Years later, when Kay was grown and living just 2 miles from her magical cabin, she and her husband, David, were driving by the cabin when they noticed an “open house” sign in the front yard. David stopped the car so that Kay could finally take a peek inside.
“We stepped in the door, and I was shocked!” recalls Kay, who was taken aback by the plush wall-to-wall carpet in the main living area; linoleum covered the kitchen and bathroom floors. “It wasn’t at all what I’d pictured.” But Kay could still see potential in the little cabin, and she knew she could achieve her vision for it, if only they bought the place.
“So we decided to fix it up so we could rent it out,” says Kay.
When the cabin was built in 1935, it was just one big room. Sometime later, partitions were added to create separate rooms. Plumbing, a dishwasher and a stacked washer and dryer were also added.
Though the Roots appreciated such modern conveniences, their main ambition was to restore the cabin’s natural charm. To that end, the first thing to go was the carpet. Kay hoped that she would find beautiful pine floors beneath the carpeting, but no such luck; instead they found deteriorated, splintered floors and a hole in the middle of the room where a potbellied stove once sat. The Roots insulated beneath the floor, and then laid down new honey-colored knotty-pine floors.
In an effort to keep the cabin true to its era, the couple did not disturb the original cedar logs. They also left the claw foot bathtub untouched. And to this day, they have not changed the unique exterior door-locking system, which involves pulling a leather string from the outside (one that pokes through a small hole in the door) to lift a lever on the inside that enables the door to open.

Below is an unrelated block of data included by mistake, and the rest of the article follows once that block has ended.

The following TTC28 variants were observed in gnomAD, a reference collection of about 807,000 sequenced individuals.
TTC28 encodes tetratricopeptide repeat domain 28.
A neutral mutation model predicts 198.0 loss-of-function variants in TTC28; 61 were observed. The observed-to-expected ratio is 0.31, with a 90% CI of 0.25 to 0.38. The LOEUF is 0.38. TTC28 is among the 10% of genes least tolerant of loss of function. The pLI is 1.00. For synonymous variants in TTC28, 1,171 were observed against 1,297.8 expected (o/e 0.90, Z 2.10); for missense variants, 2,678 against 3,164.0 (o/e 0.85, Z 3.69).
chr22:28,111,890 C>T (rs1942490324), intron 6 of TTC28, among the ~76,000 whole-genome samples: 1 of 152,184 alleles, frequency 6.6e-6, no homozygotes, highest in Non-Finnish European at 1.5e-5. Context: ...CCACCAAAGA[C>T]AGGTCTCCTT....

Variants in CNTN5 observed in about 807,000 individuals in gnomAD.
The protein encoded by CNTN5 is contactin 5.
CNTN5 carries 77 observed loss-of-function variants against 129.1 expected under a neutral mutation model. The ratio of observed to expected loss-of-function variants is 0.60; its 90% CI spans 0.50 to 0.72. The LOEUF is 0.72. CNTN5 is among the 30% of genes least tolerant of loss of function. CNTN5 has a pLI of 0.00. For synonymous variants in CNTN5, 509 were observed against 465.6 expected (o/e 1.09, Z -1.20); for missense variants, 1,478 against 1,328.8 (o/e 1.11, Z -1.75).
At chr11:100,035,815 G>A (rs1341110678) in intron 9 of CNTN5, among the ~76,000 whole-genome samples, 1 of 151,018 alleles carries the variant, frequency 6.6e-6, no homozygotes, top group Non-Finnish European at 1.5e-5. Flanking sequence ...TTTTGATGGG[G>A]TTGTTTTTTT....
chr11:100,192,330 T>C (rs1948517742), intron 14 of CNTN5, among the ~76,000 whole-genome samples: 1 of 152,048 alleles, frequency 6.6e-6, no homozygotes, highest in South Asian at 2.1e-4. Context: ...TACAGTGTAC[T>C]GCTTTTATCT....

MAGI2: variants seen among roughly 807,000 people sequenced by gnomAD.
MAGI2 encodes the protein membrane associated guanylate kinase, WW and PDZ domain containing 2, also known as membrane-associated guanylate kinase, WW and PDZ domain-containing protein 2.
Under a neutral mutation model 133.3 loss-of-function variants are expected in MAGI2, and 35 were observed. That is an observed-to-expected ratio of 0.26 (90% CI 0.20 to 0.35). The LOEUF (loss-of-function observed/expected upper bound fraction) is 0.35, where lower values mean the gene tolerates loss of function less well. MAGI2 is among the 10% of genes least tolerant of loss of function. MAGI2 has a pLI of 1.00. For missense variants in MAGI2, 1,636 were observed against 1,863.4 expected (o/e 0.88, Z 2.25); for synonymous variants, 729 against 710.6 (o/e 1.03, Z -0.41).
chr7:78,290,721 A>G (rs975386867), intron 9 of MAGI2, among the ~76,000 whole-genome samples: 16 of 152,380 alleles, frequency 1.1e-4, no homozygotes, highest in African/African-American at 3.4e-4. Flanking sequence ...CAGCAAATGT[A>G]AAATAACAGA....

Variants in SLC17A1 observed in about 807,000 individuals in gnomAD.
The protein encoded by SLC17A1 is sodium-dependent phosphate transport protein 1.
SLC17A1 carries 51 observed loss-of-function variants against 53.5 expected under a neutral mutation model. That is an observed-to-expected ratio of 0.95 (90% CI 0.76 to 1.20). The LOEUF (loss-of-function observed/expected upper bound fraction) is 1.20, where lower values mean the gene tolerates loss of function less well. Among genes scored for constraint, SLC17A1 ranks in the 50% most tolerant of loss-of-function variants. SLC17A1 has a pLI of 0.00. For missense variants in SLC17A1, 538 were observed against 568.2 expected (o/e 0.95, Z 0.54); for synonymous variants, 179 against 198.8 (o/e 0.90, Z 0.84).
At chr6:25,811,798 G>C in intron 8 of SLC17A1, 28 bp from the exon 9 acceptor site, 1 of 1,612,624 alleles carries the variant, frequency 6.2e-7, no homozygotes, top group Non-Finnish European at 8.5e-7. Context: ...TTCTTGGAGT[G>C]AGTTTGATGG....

“It’s really neat … unless the string breaks,” says Kay with a chuckle. “Then you’re in trouble!”
To improve the structure’s functionality and purpose, the Roots removed part of the kitchen countertop peninsula that acted as an eating bar, and then added a small dining table, two chairs and a chandelier.
Also in the kitchen, they painted the oak cabinets hunter green and installed a hanging pot rack above the counter.
Meanwhile, in the family room the Roots mounted two wall sconces and removed the bulky built-in cabinetry that gobbled up floor space. And they replaced the bathroom’s oversized sink with a smaller one.
They also winterized the cabin, brought the electrical up to code, installed storm windows, added central air-conditioning, replaced and insulated the roof, and redecorated and refurnished to make the place warm and inviting.
The Roots use the cabin for all sorts of occasions. When their daughter first moved to the area, she lived there for awhile. And Kay hosts “girls get-togethers” full of food, fellowship and fun. It’s also the perfect spot to house overflow guests.
“It’s a great location for every season,” says Kay. “In the winter you can step outside and start cross-country skiing.”
Summertime brings hours of porch swinging in the fresh air while exchanging “hellos” with passing runners, walker and cyclists.
“We also love animal watching,” says Kay. “On any given day we might see eagles, deer or wild turkeys.”
True to their plan, the Roots occasionally rent out the property. And thanks to a unique guest tradition, they often get to find out how people enjoyed their stay.
“When we bought the place, on the back of the master bedroom door hung an old-fashioned wire robe hook with a dangling pencil on a string,” explains Kay. “Someone had signed their name on the door and dated it. We thought that was a neat idea, so we always keep the pencil sharpened to encourage more signatures.”
So far the “guest log” has collected over a dozen names – and sometimes folks use the door as a journal of sorts to describe the fun they had biking, boating, reading, skiing, shopping, sightseeing and relaxing by the fireplace. One common thread among all the guests is that they seem to appreciate the cabin’s rustic ambiance and understated décor.
“I think the cabin’s accessories and simplicity spark happy, nostalgic memories for people,” says Kay.
That’s certainly the case for one visitor who felt the same vibe from the structure that Kay did all those years ago.
“This place feels magical,” he wrote.
Ahh, yes. Good old cabin magic – no “abracadabra” required.
Frequent contributor Christy Heitger-Ewing thinks it may be just as dangerous to check out a cabin “open house” as it is to browse an animal shelter. In either scenario, something is bound to call to you, “Take me! Take me!”